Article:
Claveria lies on the northwestern part of Cagayan. It is 185.3 kilometers from Tuguegarao, the provincial capital, and 613 kilometers from Manila via Ilocos Norte.
More than a century ago, some strangers named Feliciano Valdez, Joaquin Nebab, Jacinto Semana, Gaspar Rumbara, Dionicio de Peralta, Leon Agra and many others, most of them from Pasuquin and Vintar, Ilocos Norte, cleared their trail northeastward and drifted to this part of Luzon. Their place was called Kabikungan which means "where the bikungs are."
Since most of the people were fishermen, there was a move to transfer the community to the seashore but the Spanish missionaries opposed the move because the stone church which was the center of their faith, would be left behind. The transfer was not effected until the coming of the marauding pirates from the south seas called "tirong" plundered the place, burned some of their dwellings and started the destruction of the church. Strong earthquakes and ravages of time and weather completed the destruction. From then on, Kabikungan continued to be frequently attacked by the tirongs until Governor General Narciso Claveria's campaign against the Moro pirates was diverted to the North after successfully conquering the south seas for which he was conferred the Grand Cross of San Fernando by the Queen of Spain.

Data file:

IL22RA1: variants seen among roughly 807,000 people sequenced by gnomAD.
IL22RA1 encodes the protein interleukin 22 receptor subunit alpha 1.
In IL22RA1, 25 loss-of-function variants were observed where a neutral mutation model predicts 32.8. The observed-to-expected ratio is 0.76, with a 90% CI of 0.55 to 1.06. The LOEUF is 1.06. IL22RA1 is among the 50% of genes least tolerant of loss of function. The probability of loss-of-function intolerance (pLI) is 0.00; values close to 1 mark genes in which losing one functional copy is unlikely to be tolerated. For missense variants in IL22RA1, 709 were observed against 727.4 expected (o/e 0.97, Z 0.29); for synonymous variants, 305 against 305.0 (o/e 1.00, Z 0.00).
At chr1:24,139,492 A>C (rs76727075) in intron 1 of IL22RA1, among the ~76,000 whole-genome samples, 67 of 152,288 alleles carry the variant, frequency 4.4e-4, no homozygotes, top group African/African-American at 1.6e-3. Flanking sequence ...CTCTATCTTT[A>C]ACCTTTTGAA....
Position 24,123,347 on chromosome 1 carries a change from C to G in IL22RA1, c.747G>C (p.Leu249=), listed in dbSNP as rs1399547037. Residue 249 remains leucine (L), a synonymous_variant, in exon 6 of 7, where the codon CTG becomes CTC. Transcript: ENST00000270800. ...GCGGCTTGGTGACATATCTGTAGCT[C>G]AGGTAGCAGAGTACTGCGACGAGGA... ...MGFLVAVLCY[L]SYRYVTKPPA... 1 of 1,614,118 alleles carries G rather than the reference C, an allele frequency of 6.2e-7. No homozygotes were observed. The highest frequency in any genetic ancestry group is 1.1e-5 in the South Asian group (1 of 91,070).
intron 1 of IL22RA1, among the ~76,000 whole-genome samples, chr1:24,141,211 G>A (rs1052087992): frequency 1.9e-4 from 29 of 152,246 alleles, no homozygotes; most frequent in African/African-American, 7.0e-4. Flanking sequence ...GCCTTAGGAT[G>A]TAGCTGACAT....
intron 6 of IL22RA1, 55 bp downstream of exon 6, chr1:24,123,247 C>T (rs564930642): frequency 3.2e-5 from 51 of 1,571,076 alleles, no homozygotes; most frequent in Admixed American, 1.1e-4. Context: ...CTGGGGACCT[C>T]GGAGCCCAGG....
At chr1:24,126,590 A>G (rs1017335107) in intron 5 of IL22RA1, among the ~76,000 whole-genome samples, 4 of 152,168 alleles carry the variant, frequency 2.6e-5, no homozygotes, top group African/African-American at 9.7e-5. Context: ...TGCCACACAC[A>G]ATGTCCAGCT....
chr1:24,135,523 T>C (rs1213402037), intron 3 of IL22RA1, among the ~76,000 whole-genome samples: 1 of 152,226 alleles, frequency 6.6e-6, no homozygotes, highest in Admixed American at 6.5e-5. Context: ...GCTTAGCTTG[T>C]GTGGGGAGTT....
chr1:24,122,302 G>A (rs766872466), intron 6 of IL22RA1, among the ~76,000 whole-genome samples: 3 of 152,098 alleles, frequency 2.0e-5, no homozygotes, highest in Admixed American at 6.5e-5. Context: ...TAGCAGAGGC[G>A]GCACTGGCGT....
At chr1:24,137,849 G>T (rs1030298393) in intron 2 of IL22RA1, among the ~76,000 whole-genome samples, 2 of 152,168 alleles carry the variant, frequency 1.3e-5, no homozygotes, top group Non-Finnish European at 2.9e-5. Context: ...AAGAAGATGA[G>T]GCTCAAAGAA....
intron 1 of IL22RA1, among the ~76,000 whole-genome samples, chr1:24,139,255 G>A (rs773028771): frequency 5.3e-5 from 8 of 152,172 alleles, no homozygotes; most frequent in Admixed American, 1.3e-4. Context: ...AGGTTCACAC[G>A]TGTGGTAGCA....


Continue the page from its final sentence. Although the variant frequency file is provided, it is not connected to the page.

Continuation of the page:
Residents of Kabikungan petitioned the sympathetic Governor General that the village be made into a town and separated from Pamplona. Pamplona is 40 kilometers east of Kabikungan. General Claveria promised its conversion but was not realized due to his recall to Spain.
On June 5, 1865, Kabikungan became a town, and in recognition of Governor Claveria's unrelentless campaign against the pirates, his unforgetable visit and promise to convert the place into a town, and his humanitarian policies, Kabikungan was christened Claveria.
Claveria today is one of the cleanest towns of the Philippines. It has many scenic spots like the famous Lakay-Lakay Lagoon, Mabnang and Kilkiling Falls, and beaches.